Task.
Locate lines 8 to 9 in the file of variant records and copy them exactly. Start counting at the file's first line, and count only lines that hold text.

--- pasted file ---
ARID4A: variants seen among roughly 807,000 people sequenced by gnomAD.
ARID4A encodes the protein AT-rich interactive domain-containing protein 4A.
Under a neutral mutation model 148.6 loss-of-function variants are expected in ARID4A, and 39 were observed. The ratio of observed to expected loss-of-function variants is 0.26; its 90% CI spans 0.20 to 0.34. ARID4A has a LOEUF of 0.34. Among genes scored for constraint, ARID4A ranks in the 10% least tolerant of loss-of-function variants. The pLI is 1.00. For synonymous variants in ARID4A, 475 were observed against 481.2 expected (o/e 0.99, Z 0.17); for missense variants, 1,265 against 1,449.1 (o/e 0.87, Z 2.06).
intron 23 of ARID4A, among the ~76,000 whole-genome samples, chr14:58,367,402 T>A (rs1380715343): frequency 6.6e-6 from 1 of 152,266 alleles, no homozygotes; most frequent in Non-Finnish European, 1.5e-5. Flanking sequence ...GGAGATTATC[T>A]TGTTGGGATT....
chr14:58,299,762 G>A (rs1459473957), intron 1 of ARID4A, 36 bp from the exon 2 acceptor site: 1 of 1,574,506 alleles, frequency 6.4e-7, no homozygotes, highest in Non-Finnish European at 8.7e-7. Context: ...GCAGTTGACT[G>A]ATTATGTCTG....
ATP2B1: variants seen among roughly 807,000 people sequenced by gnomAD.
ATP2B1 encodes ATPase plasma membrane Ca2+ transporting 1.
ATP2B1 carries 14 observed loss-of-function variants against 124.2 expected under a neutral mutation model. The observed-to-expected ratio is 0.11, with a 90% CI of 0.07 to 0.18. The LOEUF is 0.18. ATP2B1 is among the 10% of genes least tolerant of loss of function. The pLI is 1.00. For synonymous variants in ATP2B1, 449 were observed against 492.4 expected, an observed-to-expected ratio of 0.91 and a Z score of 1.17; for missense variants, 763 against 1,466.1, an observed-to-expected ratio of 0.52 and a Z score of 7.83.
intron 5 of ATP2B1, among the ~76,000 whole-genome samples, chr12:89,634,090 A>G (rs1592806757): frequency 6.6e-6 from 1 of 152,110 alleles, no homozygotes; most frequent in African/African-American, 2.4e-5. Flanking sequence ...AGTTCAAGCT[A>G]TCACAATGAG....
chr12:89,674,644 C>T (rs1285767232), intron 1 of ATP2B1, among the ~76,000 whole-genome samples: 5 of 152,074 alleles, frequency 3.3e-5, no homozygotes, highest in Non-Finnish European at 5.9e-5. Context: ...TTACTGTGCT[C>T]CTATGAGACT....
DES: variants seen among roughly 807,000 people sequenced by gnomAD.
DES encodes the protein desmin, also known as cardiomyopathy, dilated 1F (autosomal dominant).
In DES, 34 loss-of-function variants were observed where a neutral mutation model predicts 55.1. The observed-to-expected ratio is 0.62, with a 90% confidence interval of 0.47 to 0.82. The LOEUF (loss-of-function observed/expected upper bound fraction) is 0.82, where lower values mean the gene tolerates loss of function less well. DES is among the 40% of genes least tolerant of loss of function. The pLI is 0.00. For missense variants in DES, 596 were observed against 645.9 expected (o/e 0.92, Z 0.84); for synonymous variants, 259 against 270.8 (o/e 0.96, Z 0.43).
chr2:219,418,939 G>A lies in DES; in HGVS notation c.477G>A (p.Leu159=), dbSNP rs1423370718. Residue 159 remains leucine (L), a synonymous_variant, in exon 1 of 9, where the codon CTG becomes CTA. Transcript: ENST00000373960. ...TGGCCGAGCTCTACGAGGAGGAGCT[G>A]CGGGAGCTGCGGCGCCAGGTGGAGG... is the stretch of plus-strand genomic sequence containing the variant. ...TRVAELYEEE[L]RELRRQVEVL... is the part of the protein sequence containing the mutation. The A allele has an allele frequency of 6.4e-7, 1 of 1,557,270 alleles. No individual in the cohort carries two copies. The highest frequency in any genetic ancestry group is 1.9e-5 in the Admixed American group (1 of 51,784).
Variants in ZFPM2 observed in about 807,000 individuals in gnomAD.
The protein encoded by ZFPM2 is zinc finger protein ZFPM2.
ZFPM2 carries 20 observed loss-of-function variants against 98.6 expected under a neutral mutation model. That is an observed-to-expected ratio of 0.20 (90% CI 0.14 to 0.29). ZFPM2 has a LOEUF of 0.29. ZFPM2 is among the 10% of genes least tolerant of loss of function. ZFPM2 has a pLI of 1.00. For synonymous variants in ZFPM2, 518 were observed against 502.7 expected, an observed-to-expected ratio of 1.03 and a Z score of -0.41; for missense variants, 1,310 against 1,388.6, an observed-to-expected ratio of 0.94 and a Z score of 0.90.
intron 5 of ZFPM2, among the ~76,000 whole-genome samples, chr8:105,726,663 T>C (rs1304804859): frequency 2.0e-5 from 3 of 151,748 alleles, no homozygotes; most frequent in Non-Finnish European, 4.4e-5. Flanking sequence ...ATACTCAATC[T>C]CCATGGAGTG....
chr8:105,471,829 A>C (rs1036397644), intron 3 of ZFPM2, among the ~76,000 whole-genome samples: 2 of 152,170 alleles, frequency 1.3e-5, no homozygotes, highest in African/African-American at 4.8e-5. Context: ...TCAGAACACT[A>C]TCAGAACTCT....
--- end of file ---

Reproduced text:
ATP2B1 carries 14 observed loss-of-function variants against 124.2 expected under a neutral mutation model. The observed-to-expected ratio is 0.11, with a 90% CI of 0.07 to 0.18. The LOEUF is 0.18. ATP2B1 is among the 10% of genes least tolerant of loss of function. The pLI is 1.00. For synonymous variants in ATP2B1, 449 were observed against 492.4 expected, an observed-to-expected ratio of 0.91 and a Z score of 1.17; for missense variants, 763 against 1,466.1, an observed-to-expected ratio of 0.52 and a Z score of 7.83.
intron 5 of ATP2B1, among the ~76,000 whole-genome samples, chr12:89,634,090 A>G (rs1592806757): frequency 6.6e-6 from 1 of 152,110 alleles, no homozygotes; most frequent in African/African-American, 2.4e-5. Flanking sequence ...AGTTCAAGCT[A>G]TCACAATGAG....